Canterbury netball hits crisis point as Mainland Tactix annihilated by 49 goals
OPINION: Canterbury netball, once one of the strongest regions in the country, has reached its lowest ebb.
There has been some dismal chapters in the 10-year history of the Mainland Tactix, the province's flagship netball team, but Wednesday's 90-41 drubbing on their home court by the Southern Steel was rock bottom.
Losing by 49 goals and conceding 90 in a match doesn't happen by accident. They signal alarm bells and that serious issues are at play.
The situation with the Tactix is so dire, it's reached the stage where Netball New Zealand must step in and see what they can do to help.
Whether that be with specialist coaching, financial assistance or having a quiet word to rival players about the possibility of moving to where they can get guaranteed court-time.
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Is it time netball luminaries, past and present, in the Mainland area were consulted for a brainstorming session to suss out how to take the Tactix forward?
Whatever the board and lovely, but long-suffering chief executive Brigit Hearn have attempted, isn't working.
The break-up of the trans-Tasman league and playing their Kiwi peers each week was meant to be a ray of hope for the Tactix.
After years of being thumped by Australian opposition and propping up the bottom of the ANZ Championship, they had visions of being competitive in the new-look New Zealand league.
Canterbury, a former powerhouse at national championships, and the home of the successful Flames side in the old National Bank Cup, have become the laughing stock of New Zealand sport with their embattled Tactix.
Worryingly, they look even more of a basket case than what we've seen in past seasons.
They're averaging a dismal 37 turnovers per game in their opening four losses. Their through court defence as a unit was pathetic against the Steel, leaking 90 goals in 60 minutes.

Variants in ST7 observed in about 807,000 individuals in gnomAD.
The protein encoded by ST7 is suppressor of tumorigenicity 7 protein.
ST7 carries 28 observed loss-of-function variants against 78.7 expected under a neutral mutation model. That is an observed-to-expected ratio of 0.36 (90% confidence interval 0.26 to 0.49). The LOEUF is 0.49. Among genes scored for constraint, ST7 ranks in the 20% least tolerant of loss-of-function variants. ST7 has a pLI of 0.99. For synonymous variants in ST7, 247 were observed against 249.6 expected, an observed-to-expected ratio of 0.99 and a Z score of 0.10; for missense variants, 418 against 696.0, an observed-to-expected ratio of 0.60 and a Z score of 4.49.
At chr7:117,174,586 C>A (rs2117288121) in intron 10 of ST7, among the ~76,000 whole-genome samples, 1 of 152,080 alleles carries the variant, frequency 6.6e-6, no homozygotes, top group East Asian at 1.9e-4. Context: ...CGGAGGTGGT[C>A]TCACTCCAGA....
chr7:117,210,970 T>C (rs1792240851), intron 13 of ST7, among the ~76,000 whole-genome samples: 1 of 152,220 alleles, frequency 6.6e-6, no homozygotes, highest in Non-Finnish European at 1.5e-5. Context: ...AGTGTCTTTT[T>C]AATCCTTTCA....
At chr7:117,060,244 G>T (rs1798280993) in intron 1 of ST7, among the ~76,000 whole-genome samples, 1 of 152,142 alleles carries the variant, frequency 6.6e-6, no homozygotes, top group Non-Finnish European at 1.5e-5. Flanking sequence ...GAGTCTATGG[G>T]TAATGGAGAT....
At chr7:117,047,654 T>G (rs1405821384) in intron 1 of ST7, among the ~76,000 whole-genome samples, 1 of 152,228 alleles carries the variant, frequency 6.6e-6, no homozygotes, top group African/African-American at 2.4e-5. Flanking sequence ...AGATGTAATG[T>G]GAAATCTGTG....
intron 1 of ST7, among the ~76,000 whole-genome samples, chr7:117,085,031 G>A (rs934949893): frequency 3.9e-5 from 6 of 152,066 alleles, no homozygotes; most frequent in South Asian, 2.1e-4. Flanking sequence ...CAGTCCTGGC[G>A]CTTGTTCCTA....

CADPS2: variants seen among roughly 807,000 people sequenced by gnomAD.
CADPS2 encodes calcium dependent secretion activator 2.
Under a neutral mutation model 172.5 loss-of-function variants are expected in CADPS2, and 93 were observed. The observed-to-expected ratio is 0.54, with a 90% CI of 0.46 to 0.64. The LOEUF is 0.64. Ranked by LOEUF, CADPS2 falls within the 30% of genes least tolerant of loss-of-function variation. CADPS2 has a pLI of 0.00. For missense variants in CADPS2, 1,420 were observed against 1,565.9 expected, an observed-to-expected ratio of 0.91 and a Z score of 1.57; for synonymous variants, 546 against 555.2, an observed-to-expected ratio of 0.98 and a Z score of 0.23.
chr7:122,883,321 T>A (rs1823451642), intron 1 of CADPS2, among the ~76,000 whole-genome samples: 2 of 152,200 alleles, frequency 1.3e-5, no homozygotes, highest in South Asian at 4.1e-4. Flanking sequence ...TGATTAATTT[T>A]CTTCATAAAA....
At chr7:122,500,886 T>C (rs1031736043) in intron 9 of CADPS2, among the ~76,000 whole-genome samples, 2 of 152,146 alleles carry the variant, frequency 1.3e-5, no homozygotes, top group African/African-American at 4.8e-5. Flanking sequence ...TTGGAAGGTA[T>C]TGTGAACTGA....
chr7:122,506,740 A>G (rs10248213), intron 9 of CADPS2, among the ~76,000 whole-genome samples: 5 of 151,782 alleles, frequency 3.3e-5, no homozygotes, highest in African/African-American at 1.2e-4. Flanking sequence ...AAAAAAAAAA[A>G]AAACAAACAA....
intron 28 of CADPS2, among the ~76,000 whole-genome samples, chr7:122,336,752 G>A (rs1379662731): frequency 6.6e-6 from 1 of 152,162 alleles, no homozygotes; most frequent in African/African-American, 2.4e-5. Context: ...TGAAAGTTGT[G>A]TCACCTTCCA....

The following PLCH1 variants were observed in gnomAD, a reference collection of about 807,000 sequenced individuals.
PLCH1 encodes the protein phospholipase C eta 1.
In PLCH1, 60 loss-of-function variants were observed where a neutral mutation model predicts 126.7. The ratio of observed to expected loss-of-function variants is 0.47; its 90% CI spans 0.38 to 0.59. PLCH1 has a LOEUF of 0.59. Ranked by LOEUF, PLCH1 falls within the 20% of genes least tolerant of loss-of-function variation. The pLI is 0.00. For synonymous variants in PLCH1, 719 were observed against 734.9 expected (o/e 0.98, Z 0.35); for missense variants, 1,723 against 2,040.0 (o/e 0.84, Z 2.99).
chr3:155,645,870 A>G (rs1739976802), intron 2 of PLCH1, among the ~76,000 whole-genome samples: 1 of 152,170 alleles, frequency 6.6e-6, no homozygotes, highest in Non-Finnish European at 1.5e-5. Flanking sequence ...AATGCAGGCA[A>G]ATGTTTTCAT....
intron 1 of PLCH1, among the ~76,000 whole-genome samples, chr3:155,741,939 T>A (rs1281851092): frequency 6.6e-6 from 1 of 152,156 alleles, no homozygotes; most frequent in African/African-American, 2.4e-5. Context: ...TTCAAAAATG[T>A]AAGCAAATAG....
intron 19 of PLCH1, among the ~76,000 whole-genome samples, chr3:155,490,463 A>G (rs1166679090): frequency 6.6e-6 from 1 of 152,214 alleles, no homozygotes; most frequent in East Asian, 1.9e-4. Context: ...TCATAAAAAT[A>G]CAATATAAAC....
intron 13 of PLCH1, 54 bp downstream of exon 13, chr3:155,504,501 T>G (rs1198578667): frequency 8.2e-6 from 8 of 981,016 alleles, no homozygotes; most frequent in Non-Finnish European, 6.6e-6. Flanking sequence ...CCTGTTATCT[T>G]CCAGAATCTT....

It's been nearly a year since they last won a competitive game, losing 12 matches on the trot in either the ANZ Championship or Premiership.
When Sue Hawkins took over as Tactix coach for 2015, some thought the no-nonsense Australian was finally the person to instil self belief in the players, get them firing on court and tracking in the right direction.
Hawkins must wonder what she agreed to with the Tactix no better off than when she first started in the job.
Honest, amiable and driven, Hawkins is well-liked by the squad, but three wins from 30 matches in charge doesn't cut it in the results-driven world of professional sport.
She is contracted through to the end of next season and is fast running out of time to pull off the four-year rebuild project she set out to achieve on arrival in Christchurch.
Hawkins must start getting the best out of her players and demanding more, but she isn't a miracle worker.
Would Noeline Taurua, Australian Diamonds coach Lisa Alexander or the esteemed Wai Taumaunu be doing any better if they were coaching this bunch? Probably not.
The Tactix can't seem to take a trick with skipper Jess Moulds, a fringe Silver Fern, rupturing her ACL last year while captaining New Zealand A, which will sideline her for most of this season.
There's no question they have the least talented squad in the ANZ Premiership and that's been a constant theme for a long time.
Recruiting leading players has been a perennial issue. Their terrible losing record over a long time is certainly a deterrent. Uprooting promising young North Island players from their family, studies and community isn't easy, especially when there isn't a golden pot of money to offer.
Retaining them has been just as challenging. There's no better example than defender Jane Watson, who earned her stripes with the Tactix, but flourished at the Steel, going on to make the Silver Ferns.
Malawi international Mwai Kumwenda impressed for the Tactix, but never tasted victory much. She is shining with the second placed Melbourne Vixens in Australia's domestic league, landing the fourth highest amount of goals.
Remember Ellen Halpenny, Phillipa Finch and Charlotte Kight? They all went on to enjoy success elsewhere in the former ANZ Championship after shifting away from the Tactix.
You only need to glance at New Zealand under-21 and national secondary school squads from recent years to notice the Mainland region isn't producing the amount of representatives it once did.
There's more opportunities available to talented young sportswomen than ever before, and most usually excel at several codes.
When wins are as rare as Tactix players in the Silver Ferns, it can be demoralising for the next generation when assessing what pathway they will take.
Having six evenly matched sides, who are performing consistently, is pivotal if Netball New Zealand's ANZ Premiership is to be sustainable long-term and maintain public interest.
Not even Steel supporters want to witness results like Wednesday's walloping.